Hit & Run

You Really Can't Say That On TV!

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Yesterday, the U.S. Senate passed (by a 99-1 vote) legislation increasing fines for broadcasters who run afoul of FCC decency rules. From the Bloomberg account:

The Senate measure would raise Federal Communications Commission fines against television and radio broadcasters such as Viacom Inc. to as much as $275,000 a violation and $3 million a day. The current maximum fine is $27,500 a violation and will go up to $32,500 in about a month to account for inflation.

The Senate also passed a resolution proclaiming that there's been significant media consolidation since 1996 and suspended last year's FCC ownership rules. Whole pathetic thing here. The House passed similar legislation a while back (which Pres. Bush supports), so look for a final law sooner rather than later. Especially in an election year.

The lone senatorial holdout, by the way, was John Breaux (D-La.), who opposed the bill for one crappy and one good reason. Figure out which by reading this great demolition of fears of "media consolidation."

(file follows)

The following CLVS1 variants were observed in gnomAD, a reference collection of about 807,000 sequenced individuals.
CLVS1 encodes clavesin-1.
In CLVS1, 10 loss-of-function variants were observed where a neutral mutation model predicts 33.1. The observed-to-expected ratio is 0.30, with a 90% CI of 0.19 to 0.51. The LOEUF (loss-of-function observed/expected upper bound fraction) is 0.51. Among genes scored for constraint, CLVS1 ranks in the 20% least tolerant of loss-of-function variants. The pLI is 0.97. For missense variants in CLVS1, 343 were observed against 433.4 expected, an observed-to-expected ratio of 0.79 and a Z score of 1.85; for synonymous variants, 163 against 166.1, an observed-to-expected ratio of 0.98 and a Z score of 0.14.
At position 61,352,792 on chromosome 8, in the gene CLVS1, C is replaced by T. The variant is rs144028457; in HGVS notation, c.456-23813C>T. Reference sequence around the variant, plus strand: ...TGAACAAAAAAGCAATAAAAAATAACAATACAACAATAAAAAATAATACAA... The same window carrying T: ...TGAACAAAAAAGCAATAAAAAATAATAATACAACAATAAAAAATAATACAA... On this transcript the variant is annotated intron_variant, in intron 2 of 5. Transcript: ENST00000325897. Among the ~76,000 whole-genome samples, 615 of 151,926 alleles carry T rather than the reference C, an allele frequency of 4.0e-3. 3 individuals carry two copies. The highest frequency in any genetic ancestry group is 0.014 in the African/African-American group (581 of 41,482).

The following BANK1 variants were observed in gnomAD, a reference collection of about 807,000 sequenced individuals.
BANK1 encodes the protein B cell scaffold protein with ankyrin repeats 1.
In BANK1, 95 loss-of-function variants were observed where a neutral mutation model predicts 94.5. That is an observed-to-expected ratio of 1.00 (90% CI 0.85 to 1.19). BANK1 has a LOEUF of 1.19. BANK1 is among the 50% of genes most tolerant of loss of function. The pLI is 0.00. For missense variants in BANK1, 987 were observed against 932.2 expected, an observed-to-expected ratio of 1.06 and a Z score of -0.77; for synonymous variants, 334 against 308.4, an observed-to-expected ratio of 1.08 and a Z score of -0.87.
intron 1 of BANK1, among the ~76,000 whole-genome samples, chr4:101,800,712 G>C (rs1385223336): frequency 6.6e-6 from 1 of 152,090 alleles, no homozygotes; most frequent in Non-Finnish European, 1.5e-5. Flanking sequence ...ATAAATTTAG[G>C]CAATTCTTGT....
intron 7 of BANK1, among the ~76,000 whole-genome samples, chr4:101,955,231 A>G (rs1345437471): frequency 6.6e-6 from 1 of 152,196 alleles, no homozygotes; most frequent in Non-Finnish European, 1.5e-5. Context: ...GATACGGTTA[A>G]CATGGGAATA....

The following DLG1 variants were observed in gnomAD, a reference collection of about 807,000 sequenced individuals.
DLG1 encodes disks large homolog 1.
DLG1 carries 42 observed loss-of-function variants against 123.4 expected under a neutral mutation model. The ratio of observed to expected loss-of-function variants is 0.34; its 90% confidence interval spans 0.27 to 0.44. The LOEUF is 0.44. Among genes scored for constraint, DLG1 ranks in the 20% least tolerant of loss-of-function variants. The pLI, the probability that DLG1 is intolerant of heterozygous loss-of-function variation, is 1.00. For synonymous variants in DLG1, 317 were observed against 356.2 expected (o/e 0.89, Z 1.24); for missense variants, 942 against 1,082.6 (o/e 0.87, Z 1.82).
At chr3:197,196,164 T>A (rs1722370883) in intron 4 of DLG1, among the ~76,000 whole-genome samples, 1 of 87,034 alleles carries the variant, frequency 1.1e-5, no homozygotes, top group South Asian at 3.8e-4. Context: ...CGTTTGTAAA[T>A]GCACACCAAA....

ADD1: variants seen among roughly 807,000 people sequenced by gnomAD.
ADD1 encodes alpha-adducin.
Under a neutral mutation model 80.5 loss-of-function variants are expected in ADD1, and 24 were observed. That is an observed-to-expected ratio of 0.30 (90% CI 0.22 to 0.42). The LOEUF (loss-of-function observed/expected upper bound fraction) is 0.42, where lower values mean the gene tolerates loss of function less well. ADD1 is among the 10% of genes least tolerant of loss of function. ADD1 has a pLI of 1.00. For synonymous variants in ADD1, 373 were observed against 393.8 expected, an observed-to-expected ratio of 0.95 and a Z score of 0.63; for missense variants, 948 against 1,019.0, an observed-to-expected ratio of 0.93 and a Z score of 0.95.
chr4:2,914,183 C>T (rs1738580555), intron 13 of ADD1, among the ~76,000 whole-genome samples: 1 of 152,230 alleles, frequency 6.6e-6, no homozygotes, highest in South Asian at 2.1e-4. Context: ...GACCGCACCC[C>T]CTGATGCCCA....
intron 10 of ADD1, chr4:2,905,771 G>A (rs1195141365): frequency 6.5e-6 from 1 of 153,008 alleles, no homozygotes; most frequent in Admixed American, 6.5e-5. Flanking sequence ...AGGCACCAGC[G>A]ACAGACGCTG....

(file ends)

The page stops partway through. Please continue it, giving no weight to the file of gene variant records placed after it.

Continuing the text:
All of this reminds me of something Drew Carey said in his refreshingly foul-mouthed and funny 1997 Reason interview:

The government is really into "protecting" people. The FCC says you can't broadcast certain words and certain pictures. It says it's protecting citizens. But I'm sitting in my home with DirecTV and can watch whatever I want. I can afford the best pornography--laser-disc porn! The government's not protecting me from anything.

All the government's doing is discriminating against poor people. It thinks poor people are like cows, that poor people can't think straight: If we let them hear dirty words or see dirty pictures, there's going to be madness! If you're poor and all you can afford is a 12-inch black-and-white TV and can't pay for cable--you're so protected! You'd probably be happier if you could see some pornography, a pair of titties, once in a while on free TV. But a pair of titties on free TV? The government figures if you saw that, you'd just explode!

The interview, done when Carey's book Dirty Jokes and Beer: Stories of the Unrefined hit bookstores, also includes illuminating examples of what network censors let pass. For instance, "butt wipe" got cut but "butt weasel" was OK'd. God only knows why.